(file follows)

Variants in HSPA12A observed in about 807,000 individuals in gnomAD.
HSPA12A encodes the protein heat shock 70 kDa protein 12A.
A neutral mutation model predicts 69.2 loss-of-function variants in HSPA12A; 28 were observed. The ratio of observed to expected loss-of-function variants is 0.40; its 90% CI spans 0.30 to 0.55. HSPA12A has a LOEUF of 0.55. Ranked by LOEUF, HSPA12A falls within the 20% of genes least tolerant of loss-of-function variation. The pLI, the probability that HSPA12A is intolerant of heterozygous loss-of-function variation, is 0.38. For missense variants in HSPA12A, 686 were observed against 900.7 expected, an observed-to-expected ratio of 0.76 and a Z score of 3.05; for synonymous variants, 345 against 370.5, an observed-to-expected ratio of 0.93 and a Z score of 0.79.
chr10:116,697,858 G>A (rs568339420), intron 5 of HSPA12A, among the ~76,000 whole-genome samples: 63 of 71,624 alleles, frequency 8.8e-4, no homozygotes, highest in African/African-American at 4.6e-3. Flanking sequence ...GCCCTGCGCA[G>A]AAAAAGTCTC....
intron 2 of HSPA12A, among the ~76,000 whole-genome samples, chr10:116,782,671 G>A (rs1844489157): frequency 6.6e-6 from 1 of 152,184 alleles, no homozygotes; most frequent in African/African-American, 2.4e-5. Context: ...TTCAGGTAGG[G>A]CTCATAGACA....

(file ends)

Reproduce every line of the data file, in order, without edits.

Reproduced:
Variants in HSPA12A observed in about 807,000 individuals in gnomAD.
HSPA12A encodes the protein heat shock 70 kDa protein 12A.
A neutral mutation model predicts 69.2 loss-of-function variants in HSPA12A; 28 were observed. The ratio of observed to expected loss-of-function variants is 0.40; its 90% CI spans 0.30 to 0.55. HSPA12A has a LOEUF of 0.55. Ranked by LOEUF, HSPA12A falls within the 20% of genes least tolerant of loss-of-function variation. The pLI, the probability that HSPA12A is intolerant of heterozygous loss-of-function variation, is 0.38. For missense variants in HSPA12A, 686 were observed against 900.7 expected, an observed-to-expected ratio of 0.76 and a Z score of 3.05; for synonymous variants, 345 against 370.5, an observed-to-expected ratio of 0.93 and a Z score of 0.79.
chr10:116,697,858 G>A (rs568339420), intron 5 of HSPA12A, among the ~76,000 whole-genome samples: 63 of 71,624 alleles, frequency 8.8e-4, no homozygotes, highest in African/African-American at 4.6e-3. Flanking sequence ...GCCCTGCGCA[G>A]AAAAAGTCTC....
intron 2 of HSPA12A, among the ~76,000 whole-genome samples, chr10:116,782,671 G>A (rs1844489157): frequency 6.6e-6 from 1 of 152,184 alleles, no homozygotes; most frequent in African/African-American, 2.4e-5. Context: ...TTCAGGTAGG[G>A]CTCATAGACA....